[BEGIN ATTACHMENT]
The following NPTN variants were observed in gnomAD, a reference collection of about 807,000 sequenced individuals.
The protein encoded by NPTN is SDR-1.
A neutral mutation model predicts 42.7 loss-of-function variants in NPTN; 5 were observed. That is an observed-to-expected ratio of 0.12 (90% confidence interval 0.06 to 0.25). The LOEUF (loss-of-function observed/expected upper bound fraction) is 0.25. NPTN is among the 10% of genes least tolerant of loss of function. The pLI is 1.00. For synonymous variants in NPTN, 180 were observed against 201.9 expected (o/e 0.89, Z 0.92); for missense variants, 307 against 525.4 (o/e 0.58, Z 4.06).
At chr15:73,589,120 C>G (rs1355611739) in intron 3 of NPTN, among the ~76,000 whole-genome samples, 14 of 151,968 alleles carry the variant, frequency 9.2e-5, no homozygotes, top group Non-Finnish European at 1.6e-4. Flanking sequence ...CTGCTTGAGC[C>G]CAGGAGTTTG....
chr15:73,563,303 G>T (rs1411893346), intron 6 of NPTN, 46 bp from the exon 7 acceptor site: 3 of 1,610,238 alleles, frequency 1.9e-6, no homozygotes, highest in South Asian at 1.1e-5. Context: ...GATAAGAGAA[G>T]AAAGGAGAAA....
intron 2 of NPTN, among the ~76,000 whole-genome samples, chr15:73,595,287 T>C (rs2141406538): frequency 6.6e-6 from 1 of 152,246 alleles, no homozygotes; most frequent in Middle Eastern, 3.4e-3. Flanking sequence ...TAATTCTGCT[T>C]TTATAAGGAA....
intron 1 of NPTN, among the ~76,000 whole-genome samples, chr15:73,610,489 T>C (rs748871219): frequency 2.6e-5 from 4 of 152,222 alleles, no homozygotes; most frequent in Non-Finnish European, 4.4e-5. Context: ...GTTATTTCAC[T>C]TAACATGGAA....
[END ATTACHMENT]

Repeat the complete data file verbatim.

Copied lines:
The following NPTN variants were observed in gnomAD, a reference collection of about 807,000 sequenced individuals.
The protein encoded by NPTN is SDR-1.
A neutral mutation model predicts 42.7 loss-of-function variants in NPTN; 5 were observed. That is an observed-to-expected ratio of 0.12 (90% confidence interval 0.06 to 0.25). The LOEUF (loss-of-function observed/expected upper bound fraction) is 0.25. NPTN is among the 10% of genes least tolerant of loss of function. The pLI is 1.00. For synonymous variants in NPTN, 180 were observed against 201.9 expected (o/e 0.89, Z 0.92); for missense variants, 307 against 525.4 (o/e 0.58, Z 4.06).
At chr15:73,589,120 C>G (rs1355611739) in intron 3 of NPTN, among the ~76,000 whole-genome samples, 14 of 151,968 alleles carry the variant, frequency 9.2e-5, no homozygotes, top group Non-Finnish European at 1.6e-4. Flanking sequence ...CTGCTTGAGC[C>G]CAGGAGTTTG....
chr15:73,563,303 G>T (rs1411893346), intron 6 of NPTN, 46 bp from the exon 7 acceptor site: 3 of 1,610,238 alleles, frequency 1.9e-6, no homozygotes, highest in South Asian at 1.1e-5. Context: ...GATAAGAGAA[G>T]AAAGGAGAAA....
intron 2 of NPTN, among the ~76,000 whole-genome samples, chr15:73,595,287 T>C (rs2141406538): frequency 6.6e-6 from 1 of 152,246 alleles, no homozygotes; most frequent in Middle Eastern, 3.4e-3. Flanking sequence ...TAATTCTGCT[T>C]TTATAAGGAA....
intron 1 of NPTN, among the ~76,000 whole-genome samples, chr15:73,610,489 T>C (rs748871219): frequency 2.6e-5 from 4 of 152,222 alleles, no homozygotes; most frequent in Non-Finnish European, 4.4e-5. Context: ...GTTATTTCAC[T>C]TAACATGGAA....